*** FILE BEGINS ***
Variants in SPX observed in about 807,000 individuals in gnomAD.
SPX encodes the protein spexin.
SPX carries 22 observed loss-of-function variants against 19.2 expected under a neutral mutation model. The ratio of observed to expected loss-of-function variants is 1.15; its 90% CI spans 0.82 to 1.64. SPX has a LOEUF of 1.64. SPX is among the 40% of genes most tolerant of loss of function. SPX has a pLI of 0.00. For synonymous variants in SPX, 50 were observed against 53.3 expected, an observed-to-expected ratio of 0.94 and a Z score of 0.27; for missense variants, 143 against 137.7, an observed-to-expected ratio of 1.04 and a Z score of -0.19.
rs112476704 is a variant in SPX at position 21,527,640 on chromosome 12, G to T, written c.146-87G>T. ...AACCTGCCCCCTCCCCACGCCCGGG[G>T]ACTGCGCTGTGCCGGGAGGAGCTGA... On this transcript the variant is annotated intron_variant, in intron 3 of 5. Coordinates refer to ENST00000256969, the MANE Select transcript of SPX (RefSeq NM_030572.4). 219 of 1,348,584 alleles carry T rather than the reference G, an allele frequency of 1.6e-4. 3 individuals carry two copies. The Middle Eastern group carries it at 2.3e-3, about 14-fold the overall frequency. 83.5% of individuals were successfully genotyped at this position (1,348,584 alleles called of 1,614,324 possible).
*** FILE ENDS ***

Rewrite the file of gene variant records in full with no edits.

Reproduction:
Variants in SPX observed in about 807,000 individuals in gnomAD.
SPX encodes the protein spexin.
SPX carries 22 observed loss-of-function variants against 19.2 expected under a neutral mutation model. The ratio of observed to expected loss-of-function variants is 1.15; its 90% CI spans 0.82 to 1.64. SPX has a LOEUF of 1.64. SPX is among the 40% of genes most tolerant of loss of function. SPX has a pLI of 0.00. For synonymous variants in SPX, 50 were observed against 53.3 expected, an observed-to-expected ratio of 0.94 and a Z score of 0.27; for missense variants, 143 against 137.7, an observed-to-expected ratio of 1.04 and a Z score of -0.19.
rs112476704 is a variant in SPX at position 21,527,640 on chromosome 12, G to T, written c.146-87G>T. ...AACCTGCCCCCTCCCCACGCCCGGG[G>T]ACTGCGCTGTGCCGGGAGGAGCTGA... On this transcript the variant is annotated intron_variant, in intron 3 of 5. Coordinates refer to ENST00000256969, the MANE Select transcript of SPX (RefSeq NM_030572.4). 219 of 1,348,584 alleles carry T rather than the reference G, an allele frequency of 1.6e-4. 3 individuals carry two copies. The Middle Eastern group carries it at 2.3e-3, about 14-fold the overall frequency. 83.5% of individuals were successfully genotyped at this position (1,348,584 alleles called of 1,614,324 possible).